Review: Inspiring documentary ‘Salvatore: Shoemaker of Dreams’ walks a safe path

A man. seated on the floor, puts a shoe on a woman's foot in the documentary "Salvatore: Shoemaker of Dreams."
Salvatore Ferragamo at work, as seen in the documentary “Salvatore: Shoemaker of Dreams.”
(Alinari / Sony Pictures Classics)

Footwear fantasies flooded Salvatore Ferragamo’s imagination from his early childhood in the remote southern Italian town of Bonito. Marked by an unwavering determination to pursue beautiful precision, his professional trajectory evolved from manufacturing shoes for his sisters to international acclaim among a clientele of sought-after cinema stars.

Inspirational, though short on formal innovation, the documentary “Salvatore: Shoemaker of Dreams” from director Luca Guadagnino (“Call Me By Your Name”) tracks Ferragamo’s unfathomable feats across the tumultuous first half of the 20th century. Sometimes in his own voice from recorded interviews and others via actor Michael Stuhlbarg’s narration in the first person, the artisan’s musings color the archival footage with a personable touch.

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Guadagnino first opens the door into this kingdom of soles and heels with a captivating sequence showing how, even today, the Ferragamo operation entails multiple artisans handling each shoe to ensure all processes are properly completed. It’s an assembly line of dedication and meticulous craftsmanship as opposed to those devised for mass production.

Once the company’s artistic mandate has been visually established, the doc morphs into a familiar succession of images from the past and interviews with Ferragamo’s living family members and prominent fashion figures such as designer Christian Louboutin to assemble a cradle-to-grave account of the visionary’s life. Guadagnino’s voice also creeps into the frame on occasion to enthusiastically agree with the chosen speakers’ words of admiration.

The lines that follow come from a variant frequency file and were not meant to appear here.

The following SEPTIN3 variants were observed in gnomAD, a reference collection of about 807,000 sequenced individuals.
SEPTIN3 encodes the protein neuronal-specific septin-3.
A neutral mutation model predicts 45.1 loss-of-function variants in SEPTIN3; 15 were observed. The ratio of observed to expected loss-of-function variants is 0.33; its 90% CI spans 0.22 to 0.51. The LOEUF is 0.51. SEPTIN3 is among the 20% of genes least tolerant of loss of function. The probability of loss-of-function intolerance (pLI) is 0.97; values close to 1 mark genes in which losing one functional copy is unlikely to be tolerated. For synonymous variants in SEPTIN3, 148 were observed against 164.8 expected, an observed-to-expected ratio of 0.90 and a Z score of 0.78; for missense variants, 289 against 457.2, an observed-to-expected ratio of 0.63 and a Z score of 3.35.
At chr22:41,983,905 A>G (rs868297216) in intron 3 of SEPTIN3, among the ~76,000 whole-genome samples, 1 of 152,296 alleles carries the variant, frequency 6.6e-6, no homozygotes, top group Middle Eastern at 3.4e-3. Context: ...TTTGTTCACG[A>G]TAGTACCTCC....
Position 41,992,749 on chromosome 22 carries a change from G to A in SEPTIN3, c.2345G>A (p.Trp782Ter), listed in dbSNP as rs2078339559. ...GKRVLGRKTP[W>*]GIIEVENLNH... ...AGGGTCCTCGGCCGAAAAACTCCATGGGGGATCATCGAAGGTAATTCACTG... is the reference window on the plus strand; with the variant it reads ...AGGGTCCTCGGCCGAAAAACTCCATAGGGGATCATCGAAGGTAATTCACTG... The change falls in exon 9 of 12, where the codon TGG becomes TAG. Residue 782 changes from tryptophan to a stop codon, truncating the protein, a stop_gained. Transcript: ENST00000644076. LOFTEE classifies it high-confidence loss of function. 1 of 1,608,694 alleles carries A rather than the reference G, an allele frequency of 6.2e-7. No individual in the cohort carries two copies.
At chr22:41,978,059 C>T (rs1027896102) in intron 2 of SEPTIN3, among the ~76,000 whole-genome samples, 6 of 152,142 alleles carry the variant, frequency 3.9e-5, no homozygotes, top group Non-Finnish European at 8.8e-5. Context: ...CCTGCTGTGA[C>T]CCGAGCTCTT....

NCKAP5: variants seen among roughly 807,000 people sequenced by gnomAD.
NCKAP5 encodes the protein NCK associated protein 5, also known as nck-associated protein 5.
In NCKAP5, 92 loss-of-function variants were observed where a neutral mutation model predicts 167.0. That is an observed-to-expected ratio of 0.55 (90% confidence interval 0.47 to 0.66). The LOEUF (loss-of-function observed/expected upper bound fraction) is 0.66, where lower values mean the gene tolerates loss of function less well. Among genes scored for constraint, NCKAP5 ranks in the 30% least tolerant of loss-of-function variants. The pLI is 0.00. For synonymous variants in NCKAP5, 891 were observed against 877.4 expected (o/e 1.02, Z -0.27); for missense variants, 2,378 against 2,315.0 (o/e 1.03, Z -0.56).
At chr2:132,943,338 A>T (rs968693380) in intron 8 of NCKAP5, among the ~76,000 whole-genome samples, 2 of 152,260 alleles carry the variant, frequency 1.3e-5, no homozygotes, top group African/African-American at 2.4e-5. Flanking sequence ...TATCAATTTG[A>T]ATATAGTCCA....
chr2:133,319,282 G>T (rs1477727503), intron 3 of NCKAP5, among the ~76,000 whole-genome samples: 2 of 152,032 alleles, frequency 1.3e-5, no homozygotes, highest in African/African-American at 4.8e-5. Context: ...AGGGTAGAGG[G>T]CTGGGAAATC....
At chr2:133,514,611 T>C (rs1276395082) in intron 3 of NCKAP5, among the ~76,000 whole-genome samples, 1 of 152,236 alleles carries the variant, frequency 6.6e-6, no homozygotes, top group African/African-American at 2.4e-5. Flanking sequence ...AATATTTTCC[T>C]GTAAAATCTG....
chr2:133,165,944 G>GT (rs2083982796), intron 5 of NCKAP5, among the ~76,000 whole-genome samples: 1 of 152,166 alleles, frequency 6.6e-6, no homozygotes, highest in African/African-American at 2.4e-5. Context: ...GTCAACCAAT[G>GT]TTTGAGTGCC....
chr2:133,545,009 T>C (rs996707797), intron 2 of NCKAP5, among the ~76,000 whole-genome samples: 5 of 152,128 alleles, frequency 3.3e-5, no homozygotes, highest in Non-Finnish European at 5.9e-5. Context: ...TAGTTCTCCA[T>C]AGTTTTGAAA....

What may shock viewers most is how unimaginably young Ferragamo was when he took his first steps into the shoemaking business. At 12 years old, the precocious boy started his first workshop with employees older than he. Not long after, still a kid, he would migrate to the United States with the intention of studying the technological advances utilized at less refined but highly profitable shoe factories.


Ferragamo’s quintessential immigrant story, which led him to Santa Barbara, serves as a vehicle for a didactic lesson on silent-era Hollywood, where his designs found a receptive and well-off audience. A jovial Martin Scorsese speaks on the nascent world of the movies in the 1920s that immortalized Ferragamo’s creations in the boots of Cecil B. DeMille’s Westerns or shoes worn by screen divas Gloria Swanson and Mary Pickford.

But the director’s desire to position his subject’s victories and struggles against the backdrop of a larger historical context — whether Mussolini’s fascist regime or the Great Depression — hinders our ability to intimately engage with the person behind the fame. The comprehensive approach notes Ferragamo’s return to his homeland to settle in Florence, the time he filed bankruptcy, his phoenix-like resurgence and his marriage to a much younger woman, yet the sum of the film’s many parts feels disjointed.

That a tribute to such an inventive mind — who even studied human anatomy at USC to improve the fit of his product — plays out in a conventional if not cohesive manner perhaps proves that most biographical projects are destined to fail at matching the subject’s brilliance. If Guadagnino had leaned into the whimsy on display in a late segment where CG-animated iterations of some of Ferragamo’s most emblematic shoes dance, the doc could have transcended its standard format.

“Fashion with comfort, that’s what I gave,” said Ferragamo when asked what made his elegantly colorful items stand out. For all its shortcomings of ingenuity, “Salvatore” repeatedly exalts that union as the master’s trademark. Even if he couldn’t summon the experience of walking in Ferragamo’s shoes and getting to know him deeply, Guadagnino makes one appreciate the shoemaker’s indelible footprints from afar.

‘Salvatore: Shoemaker of Dreams’

In Italian, French and English with English subtitles

Rated: PG, for smoking and a suggestive reference

Running time: 1 hour, 50 minutes

Playing: Starts Nov. 4, Laemmle Royal, West Los Angeles; Laemmle Town Center, Encino